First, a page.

This leftfield wonder wedge served many roles, having been created to honour second-generation studio principal, Nuccio Bertone. That, and to celebrate the centenary of the family firm that grew from a small workshop turning out wooden artillery wheels into a design powerhouse. It also referenced one of the most celebrated showstoppers of them all, the 1970 Stratos Zero. Design chief Michael Robinson referenced it as much as a nod to Bertone’s past as a pointer to its future, the assumption being that it had one. Scroll back to 2012 and this storied style leader was having a rough time of it.
The ‘car’ that broke cover at that year’s Geneva motor show was a mock up, the end product being based on a Ferrari F430. Not that Bertone advertised the fact. While many styling features were appropriated from the Zero, this was more a mix tape of influences from Bertone’s back catalogue with a few new tracks thrown in. It was distinctive, that’s for sure. The interplay of concave and convex shapes, not to mention the cab-forward stance lent the impression of taut muscularity. Unlike its inspiration, the Nuccio has conventional doors. Like its inspiration, the vast windscreen was a signature feature: oddly, it was narrower at its base than its peak.
Then there were the chunky A-pillars which began at the headlights and arced perfectly into the B-pillars. The roof itself was equally left-field, Robinson taking his lead from nature and contemporary architecture. He cited the number of buildings being constructed with tent-like tensile structures; ones anchored and pulled taut by cables rather than held together by pillars and joists, and reinterpreted such features for automotive use. The affable American claimed such compositions would become commonplace in production cars. Then there were the pronounced peaks along the roof rails, Robinson deriving inspiration from, of all things, crocodiles.
And not for Bertone something so prosaic as a normal lighting arrangement. Aside from rear lenses that could pass for chrome when not illuminated, the Nuccio boasted a feature that you wouldn’t find on any other car: front brake lights. This system was applied to the daytime driving lights, the brightness of which intensified in direct correlation to how much pedal pressure was being applied. The idea was that other road users, pedestrians even, were given that extra bit of notice that you were slowing. Bertone went so far as to patent this set-up.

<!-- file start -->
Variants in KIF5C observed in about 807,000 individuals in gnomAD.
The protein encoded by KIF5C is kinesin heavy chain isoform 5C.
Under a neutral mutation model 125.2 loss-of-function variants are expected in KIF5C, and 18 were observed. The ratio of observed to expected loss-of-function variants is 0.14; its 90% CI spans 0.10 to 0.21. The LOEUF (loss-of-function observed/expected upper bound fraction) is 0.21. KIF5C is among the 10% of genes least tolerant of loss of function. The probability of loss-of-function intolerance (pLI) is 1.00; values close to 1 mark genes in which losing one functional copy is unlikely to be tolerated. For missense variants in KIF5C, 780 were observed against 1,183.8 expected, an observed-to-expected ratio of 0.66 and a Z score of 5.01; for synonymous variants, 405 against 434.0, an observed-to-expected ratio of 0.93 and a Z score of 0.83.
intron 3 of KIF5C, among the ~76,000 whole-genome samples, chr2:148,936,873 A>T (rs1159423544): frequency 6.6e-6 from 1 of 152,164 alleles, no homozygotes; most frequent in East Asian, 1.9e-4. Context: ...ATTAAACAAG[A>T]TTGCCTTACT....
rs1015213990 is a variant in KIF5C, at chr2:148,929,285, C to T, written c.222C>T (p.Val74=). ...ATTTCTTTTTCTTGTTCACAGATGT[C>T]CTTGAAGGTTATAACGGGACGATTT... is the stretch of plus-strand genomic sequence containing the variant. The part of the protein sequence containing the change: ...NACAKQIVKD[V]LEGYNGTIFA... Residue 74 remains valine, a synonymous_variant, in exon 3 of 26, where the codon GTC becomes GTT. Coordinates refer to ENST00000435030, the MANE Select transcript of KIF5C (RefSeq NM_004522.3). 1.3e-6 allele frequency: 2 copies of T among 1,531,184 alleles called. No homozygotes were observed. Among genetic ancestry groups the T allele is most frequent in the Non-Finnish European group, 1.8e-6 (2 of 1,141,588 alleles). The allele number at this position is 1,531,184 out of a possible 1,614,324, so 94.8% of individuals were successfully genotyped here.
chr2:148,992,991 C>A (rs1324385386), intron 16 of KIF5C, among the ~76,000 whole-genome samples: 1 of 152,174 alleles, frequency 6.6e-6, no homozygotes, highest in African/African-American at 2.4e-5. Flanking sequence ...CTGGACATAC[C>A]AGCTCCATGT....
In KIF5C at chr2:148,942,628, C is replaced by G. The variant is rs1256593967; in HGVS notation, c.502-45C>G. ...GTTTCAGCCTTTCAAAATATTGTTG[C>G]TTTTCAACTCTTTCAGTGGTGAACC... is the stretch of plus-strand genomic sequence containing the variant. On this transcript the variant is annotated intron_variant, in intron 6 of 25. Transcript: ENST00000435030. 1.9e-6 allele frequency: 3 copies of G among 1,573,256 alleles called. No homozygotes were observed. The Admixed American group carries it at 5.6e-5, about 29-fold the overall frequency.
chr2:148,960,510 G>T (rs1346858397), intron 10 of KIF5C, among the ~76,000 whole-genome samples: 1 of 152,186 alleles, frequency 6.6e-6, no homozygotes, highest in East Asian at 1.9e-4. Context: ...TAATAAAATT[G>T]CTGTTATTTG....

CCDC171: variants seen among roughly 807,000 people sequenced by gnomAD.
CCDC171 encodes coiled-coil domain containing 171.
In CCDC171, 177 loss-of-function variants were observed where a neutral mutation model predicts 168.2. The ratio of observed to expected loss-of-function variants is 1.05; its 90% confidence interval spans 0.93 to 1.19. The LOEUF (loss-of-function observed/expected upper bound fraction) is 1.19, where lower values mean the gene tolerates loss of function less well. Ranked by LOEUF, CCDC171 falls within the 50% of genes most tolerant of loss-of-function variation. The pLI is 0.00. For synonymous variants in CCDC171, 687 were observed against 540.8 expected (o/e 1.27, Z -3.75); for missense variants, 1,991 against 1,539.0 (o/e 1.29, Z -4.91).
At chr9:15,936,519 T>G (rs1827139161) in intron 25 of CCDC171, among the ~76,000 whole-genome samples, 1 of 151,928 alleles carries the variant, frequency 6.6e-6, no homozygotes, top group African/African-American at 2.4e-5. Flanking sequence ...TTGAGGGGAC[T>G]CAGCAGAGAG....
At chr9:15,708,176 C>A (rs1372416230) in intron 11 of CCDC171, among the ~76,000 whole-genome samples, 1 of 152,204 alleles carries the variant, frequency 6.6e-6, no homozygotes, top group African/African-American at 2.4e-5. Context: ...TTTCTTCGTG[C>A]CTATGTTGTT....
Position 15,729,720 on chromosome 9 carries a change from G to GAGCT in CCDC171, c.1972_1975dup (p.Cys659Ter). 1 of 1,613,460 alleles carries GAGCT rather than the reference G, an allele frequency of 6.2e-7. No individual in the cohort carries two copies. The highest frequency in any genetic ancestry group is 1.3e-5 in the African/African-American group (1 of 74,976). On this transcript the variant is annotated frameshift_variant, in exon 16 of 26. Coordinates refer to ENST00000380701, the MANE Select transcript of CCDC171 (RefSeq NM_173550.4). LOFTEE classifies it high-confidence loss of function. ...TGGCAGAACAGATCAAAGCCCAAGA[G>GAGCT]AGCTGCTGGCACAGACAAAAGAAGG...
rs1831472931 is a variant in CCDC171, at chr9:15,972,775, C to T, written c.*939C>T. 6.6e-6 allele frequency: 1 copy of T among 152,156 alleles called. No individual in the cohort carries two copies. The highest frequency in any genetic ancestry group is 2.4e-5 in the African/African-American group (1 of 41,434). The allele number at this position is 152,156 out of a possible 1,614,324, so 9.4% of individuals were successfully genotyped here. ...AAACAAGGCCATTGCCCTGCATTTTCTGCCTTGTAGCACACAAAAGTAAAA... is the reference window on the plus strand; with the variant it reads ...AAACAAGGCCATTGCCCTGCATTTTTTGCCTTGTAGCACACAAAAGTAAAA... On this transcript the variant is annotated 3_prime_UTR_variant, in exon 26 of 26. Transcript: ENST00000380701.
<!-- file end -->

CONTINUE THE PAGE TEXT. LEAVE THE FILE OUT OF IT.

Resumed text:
Once inside, however, it was decidedly real world as per Robinson’s stated desire to make a genuinely usable supercar. The dashboard revealed little of the car’s Maranello-rooted ancestry, the contact points having been skilfully disguised. If anything, the analogue instruments appeared a bit pedestrian considering the outer drama. It wasn’t as though the Nuccio didn’t earn its keep, mind. Following the big reveal in Switzerland, it acted as a globe-trotting ambassador for this grandee of Italian design, appearing at events as diverse as that year’s Concorso Italiano in California and the awkwardly named Uniques Special Ones event in St Petersburg.
Unfortunately, while it may have been built to celebrate the firm reaching its centenary, the Nuccio proved to be the last original design by Bertone (the following year’s Aston Martin Jet 2 was a reworking of an old show car). The firm turned turtle in 2014. As to the fate of the Nuccio, rumours at the time suggested it was sold to a Chinese buyer for roughly two million euros, but then you cannot put a price on individuality.